Choinski's electrical engineering degree led him to a career in satellite imaging, which "gobbles up storage. It sent me down this path, and as things started to convert to more open systems, I followed from there," he recalls.
As a VAR, "it's like starting a new job every day. You work with different clients week to week." While "it's not the right job for some people, it's a very dynamic environment with a lot of change for people who like that. You get exposed to a lot of different products and technologies at a fast pace," he says.
Certifications are becoming more stringent as vendors and industry groups like the Storage Networking Industry Association (SNIA) push for meaningful measures of expertise. "Certifications are great to have if you're going to stay in the industry—it makes your experience and commitment clear for employers and interviewers," says Larry Roberts, owner of the Jobstore.com Web site. "Project management certification is on the Top 10 list. But as you move toward the business side, certifications become less important."
But Echaniz cautions that "people sometimes mistake certifications for expertise. We still view certifications as a demonstration of competence, not superiority."
The company you keep
Large organizations may offer the greatest number of opportunities, especially for people who are still in the early stages of their careers. Bob Shinn, director of service delivery at State Street Global Advisors in Boston, has spent much of his career in large financial services institutions.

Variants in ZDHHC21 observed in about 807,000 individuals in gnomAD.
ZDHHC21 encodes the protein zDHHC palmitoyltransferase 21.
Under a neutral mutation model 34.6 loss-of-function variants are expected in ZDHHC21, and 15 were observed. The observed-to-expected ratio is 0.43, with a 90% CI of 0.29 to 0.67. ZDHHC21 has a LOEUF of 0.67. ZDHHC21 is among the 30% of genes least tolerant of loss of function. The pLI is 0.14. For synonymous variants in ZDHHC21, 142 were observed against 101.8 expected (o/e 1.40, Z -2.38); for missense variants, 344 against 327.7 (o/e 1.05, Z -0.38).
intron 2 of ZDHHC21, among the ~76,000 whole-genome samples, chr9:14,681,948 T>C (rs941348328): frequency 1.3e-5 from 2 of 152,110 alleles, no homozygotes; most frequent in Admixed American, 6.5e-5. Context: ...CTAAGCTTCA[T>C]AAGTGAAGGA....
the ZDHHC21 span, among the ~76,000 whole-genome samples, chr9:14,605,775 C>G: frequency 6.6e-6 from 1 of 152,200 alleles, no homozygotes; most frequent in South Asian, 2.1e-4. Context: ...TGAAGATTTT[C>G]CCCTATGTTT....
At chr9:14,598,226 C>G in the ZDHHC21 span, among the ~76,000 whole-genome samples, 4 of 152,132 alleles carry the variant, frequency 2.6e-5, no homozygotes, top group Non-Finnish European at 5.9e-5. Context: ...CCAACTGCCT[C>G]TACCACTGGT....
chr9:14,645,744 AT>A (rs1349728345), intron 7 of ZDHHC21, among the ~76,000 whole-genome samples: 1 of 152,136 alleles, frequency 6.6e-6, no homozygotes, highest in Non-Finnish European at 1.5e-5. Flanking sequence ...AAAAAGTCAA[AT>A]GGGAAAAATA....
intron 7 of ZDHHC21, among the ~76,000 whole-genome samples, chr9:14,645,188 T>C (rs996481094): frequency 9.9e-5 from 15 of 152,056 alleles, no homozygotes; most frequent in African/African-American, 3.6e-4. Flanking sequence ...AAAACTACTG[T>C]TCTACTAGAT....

"Don't be a drone," he advises. "To advance in storage and beyond, you need to find ways to work within the system, [but] don't just accept what happens." Shinn believes advancement comes to those who focus on adding the greatest value to their company and co-workers.
The type of company you come from is less important than what you've done. Once you've been at a large company for five years or so, it's time to think about your next move to a startup, small company, VAR or consultancy.
"What I like about the VAR side is the exposure to tools and problem-solving," says Vinny Choinski, backup practice manager at Daymark Solutions Inc. in North Billerica, MA. "VARs need to react, analyze and solve problems quickly. If your intention is to be CIO, it helps [to be] exposed to other people's challenges."
John Russell says consultants need to know the technology, understand processes and be familiar with the apps that need support. "Look for opportunities to interact with the part of IT closest to business units," advises Russell, a senior associate at Darwin Partners, a Wakefield, MA-based IT consultancy. He encourages storage experts to participate in the full lifecycle of projects, beyond implementation and support, and into requirements gathering. "You'll be able to work with business-unit clients to define need, develop the architecture and implement a solution," he says.
Reinforce your resume
In addition to technical competence, other skills are required to advance your career. You need to communicate and translate business needs into technical solutions, and be willing to lead or participate in teams.
Other important skills include:
- Business, accounting and financial management coursework—MBAs have more value for CIO aspirants than do advanced technical degrees
- Project management certification
- Business law, especially contracts